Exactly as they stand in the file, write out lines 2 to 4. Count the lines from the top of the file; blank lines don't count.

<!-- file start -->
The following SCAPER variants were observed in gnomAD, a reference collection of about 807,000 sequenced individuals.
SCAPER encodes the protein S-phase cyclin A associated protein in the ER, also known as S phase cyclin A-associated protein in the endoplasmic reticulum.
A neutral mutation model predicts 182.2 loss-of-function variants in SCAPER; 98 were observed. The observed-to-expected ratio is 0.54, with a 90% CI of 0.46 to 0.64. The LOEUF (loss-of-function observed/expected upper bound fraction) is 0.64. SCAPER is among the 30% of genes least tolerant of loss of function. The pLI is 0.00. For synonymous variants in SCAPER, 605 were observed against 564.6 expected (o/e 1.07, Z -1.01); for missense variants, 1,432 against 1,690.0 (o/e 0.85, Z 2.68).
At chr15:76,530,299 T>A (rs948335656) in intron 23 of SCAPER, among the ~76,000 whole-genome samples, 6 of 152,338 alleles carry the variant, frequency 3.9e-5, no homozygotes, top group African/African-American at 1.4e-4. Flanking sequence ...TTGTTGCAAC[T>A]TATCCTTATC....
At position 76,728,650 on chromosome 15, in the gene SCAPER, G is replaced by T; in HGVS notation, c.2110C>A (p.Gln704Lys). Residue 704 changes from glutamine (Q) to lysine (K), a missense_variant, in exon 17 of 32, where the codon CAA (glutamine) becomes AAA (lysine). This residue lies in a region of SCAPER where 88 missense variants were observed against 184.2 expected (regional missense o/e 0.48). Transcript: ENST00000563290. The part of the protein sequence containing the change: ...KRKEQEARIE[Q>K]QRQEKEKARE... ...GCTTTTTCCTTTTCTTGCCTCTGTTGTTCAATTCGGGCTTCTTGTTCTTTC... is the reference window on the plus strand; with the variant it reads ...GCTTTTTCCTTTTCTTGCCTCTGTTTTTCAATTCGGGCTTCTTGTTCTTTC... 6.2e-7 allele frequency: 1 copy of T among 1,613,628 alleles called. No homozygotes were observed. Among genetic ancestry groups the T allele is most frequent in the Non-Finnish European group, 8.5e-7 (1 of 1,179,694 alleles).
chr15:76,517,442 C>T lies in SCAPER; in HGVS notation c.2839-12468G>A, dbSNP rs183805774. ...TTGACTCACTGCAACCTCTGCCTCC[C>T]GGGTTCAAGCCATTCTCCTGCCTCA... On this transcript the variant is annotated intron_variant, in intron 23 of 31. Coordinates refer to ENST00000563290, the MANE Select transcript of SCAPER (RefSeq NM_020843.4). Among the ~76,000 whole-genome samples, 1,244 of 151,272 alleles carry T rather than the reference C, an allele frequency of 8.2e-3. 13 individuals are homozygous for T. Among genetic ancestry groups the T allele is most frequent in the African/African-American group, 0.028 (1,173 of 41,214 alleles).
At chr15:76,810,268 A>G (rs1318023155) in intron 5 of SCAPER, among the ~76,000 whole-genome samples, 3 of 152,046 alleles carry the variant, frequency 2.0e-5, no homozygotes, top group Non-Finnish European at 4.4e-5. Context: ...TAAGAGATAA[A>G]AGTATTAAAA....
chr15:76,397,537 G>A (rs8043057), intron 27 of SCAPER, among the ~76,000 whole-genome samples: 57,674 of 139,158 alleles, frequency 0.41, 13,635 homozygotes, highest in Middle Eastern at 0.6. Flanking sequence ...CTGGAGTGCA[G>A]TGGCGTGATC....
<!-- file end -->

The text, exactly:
SCAPER encodes the protein S-phase cyclin A associated protein in the ER, also known as S phase cyclin A-associated protein in the endoplasmic reticulum.
A neutral mutation model predicts 182.2 loss-of-function variants in SCAPER; 98 were observed. The observed-to-expected ratio is 0.54, with a 90% CI of 0.46 to 0.64. The LOEUF (loss-of-function observed/expected upper bound fraction) is 0.64. SCAPER is among the 30% of genes least tolerant of loss of function. The pLI is 0.00. For synonymous variants in SCAPER, 605 were observed against 564.6 expected (o/e 1.07, Z -1.01); for missense variants, 1,432 against 1,690.0 (o/e 0.85, Z 2.68).
At chr15:76,530,299 T>A (rs948335656) in intron 23 of SCAPER, among the ~76,000 whole-genome samples, 6 of 152,338 alleles carry the variant, frequency 3.9e-5, no homozygotes, top group African/African-American at 1.4e-4. Flanking sequence ...TTGTTGCAAC[T>A]TATCCTTATC....